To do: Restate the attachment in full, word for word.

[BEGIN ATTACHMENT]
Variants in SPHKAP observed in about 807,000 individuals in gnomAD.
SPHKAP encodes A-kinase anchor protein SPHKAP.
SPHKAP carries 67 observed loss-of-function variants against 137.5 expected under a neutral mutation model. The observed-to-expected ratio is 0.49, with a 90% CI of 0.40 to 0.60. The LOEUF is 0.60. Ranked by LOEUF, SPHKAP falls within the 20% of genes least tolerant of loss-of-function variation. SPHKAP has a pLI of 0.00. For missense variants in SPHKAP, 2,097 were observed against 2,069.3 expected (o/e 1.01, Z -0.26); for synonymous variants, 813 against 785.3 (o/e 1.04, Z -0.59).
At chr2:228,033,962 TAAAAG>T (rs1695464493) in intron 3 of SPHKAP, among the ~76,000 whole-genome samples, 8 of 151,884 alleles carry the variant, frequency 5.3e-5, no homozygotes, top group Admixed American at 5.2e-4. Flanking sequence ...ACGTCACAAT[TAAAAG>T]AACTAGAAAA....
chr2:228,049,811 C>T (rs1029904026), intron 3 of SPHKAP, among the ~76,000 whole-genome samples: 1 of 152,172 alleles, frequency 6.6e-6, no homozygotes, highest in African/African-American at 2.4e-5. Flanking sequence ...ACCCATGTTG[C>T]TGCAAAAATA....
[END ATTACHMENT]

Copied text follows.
Variants in SPHKAP observed in about 807,000 individuals in gnomAD.
SPHKAP encodes A-kinase anchor protein SPHKAP.
SPHKAP carries 67 observed loss-of-function variants against 137.5 expected under a neutral mutation model. The observed-to-expected ratio is 0.49, with a 90% CI of 0.40 to 0.60. The LOEUF is 0.60. Ranked by LOEUF, SPHKAP falls within the 20% of genes least tolerant of loss-of-function variation. SPHKAP has a pLI of 0.00. For missense variants in SPHKAP, 2,097 were observed against 2,069.3 expected (o/e 1.01, Z -0.26); for synonymous variants, 813 against 785.3 (o/e 1.04, Z -0.59).
At chr2:228,033,962 TAAAAG>T (rs1695464493) in intron 3 of SPHKAP, among the ~76,000 whole-genome samples, 8 of 151,884 alleles carry the variant, frequency 5.3e-5, no homozygotes, top group Admixed American at 5.2e-4. Flanking sequence ...ACGTCACAAT[TAAAAG>T]AACTAGAAAA....
chr2:228,049,811 C>T (rs1029904026), intron 3 of SPHKAP, among the ~76,000 whole-genome samples: 1 of 152,172 alleles, frequency 6.6e-6, no homozygotes, highest in African/African-American at 2.4e-5. Flanking sequence ...ACCCATGTTG[C>T]TGCAAAAATA....